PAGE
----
Opinion: Progressivism in Sports
Ryan Salmon | On 20, Feb 2021
NOTE: This piece reflects the views of its author(s). It does not represent the views of The Commentator staff as a whole, nor is it intended to represent the opinion of Hudson Catholic Regional High School.
Progressivism is something that has made ripples throughout the Western World. It is generally a harmless thing that most people approve of, but when do we cross the line with the changing nature of this cultural phenomena? My case rests on a very sacred part of society: sports.
Before I can make my claims, readers must understand that this work was written in the perception of science, data, evidence, critical study, and objective truth. This is not at all meant to share a point of view of a social stance on the LGBTQ+ community. The points being made are facts that are proven with scientific evidence.
One of first transgender athletes to ever participate in a sport with the sex they identify as was Reneé Richards, a transgender woman (meaning male to female) that took part in women’s tennis in the 1970s, including the U.S. Open in 1976. She ranked among the top 25 in the league at the time.
For the era, Richards was very controversial and prompted a lot of backlash. Not a lot was known about transgenders or LGBTQ+ at all really by the general public. But Richards pulled through in her career, leaving a lasting image for transgender athletes to look up to.
That is a great historical story, but now we get to current day and we have a lot more issues with transgenders in sports, and their being transgender is not the problem per se.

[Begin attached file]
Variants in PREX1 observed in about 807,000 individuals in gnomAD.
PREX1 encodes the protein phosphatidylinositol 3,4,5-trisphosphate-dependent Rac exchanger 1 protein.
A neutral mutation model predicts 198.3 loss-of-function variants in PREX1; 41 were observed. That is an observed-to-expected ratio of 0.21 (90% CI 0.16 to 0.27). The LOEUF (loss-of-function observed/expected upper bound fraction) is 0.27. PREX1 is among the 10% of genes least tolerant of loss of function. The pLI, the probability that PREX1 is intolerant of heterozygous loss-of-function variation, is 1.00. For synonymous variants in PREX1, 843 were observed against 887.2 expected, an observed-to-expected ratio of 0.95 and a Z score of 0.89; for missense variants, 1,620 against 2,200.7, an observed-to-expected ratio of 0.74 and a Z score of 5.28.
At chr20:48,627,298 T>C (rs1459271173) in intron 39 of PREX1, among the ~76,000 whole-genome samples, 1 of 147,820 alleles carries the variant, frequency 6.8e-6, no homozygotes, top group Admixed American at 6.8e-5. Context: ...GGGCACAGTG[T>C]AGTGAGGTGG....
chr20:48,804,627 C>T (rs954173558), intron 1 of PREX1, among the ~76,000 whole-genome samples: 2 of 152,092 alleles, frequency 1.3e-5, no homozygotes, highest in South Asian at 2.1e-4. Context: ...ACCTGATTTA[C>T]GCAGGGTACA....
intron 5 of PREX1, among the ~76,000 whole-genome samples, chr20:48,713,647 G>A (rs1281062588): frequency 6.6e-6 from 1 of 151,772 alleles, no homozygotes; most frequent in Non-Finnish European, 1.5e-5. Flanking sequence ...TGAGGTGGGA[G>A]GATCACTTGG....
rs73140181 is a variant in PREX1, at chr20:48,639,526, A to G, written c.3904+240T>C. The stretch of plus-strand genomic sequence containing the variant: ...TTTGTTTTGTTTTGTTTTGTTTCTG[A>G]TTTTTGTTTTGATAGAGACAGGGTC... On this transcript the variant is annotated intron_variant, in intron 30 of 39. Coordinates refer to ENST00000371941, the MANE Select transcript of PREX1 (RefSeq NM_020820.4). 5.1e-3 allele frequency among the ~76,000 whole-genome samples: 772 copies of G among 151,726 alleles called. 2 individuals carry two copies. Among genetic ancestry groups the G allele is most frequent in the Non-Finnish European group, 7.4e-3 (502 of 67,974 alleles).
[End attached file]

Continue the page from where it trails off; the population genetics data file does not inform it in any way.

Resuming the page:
Every so often, we hear about a women’s sport world record being broken, but the only catch is that they are not born as a biological man. So in short, a man is competing in women’s sports and beating them in competitions not designed for them.
Men have a biological advantage over women. Men in the United States on average are 9% taller and 16.5% heavier than women, as reported by a study done by the CDC on Mean Body Weight, Height and Body Mass Index.
And the size difference is more often than not muscle mass. With men having larger muscles in general, they already have an advantage that women don’t have off the bat, excluding testosterone.
On top of that, testosterone in adult males is naturally much higher than females. According to the CDC study on Testosterone Concentrations in US households, the average for males twenty and older is anything between 150-698 ng/dL. Meanwhile in females it’s about 7.1-49.8 ng/dL.
With men topping out at nearly ten times as much testosterone, they receive a much higher power boost than women, poking another hole in the women are as physically strong as men debate.
With all that being said, men are more than welcome to have their own feelings and urges to associate with whatever gender they want. But when people are gaining unfair advantages like using technicalities to compete and break records set by someone who is 100% biologically and physically female, it is a very far stretch from competition.
We classify sports by sex because there is a clear distinction from each other. Changing your gender, in the sense that you do very little or nothing at all to change yourself to what you are associating with, is not changing your sex. Sex cannot change, and with that all the biological implications that come with that.
Men cannot biologically become women, and vice versa. And to stop this from spiralling out of control, there should be another division of sports for people who want to change their gender to keep women’s and men’s sports fair and balanced.
This is not a call for discrimination of a group. This is a solution to a rising problem that has an answer. The only thing left to do in this situation is to try to find a fair and balanced way to give everyone their spotlight without destabilizing the integrity of our sports structure.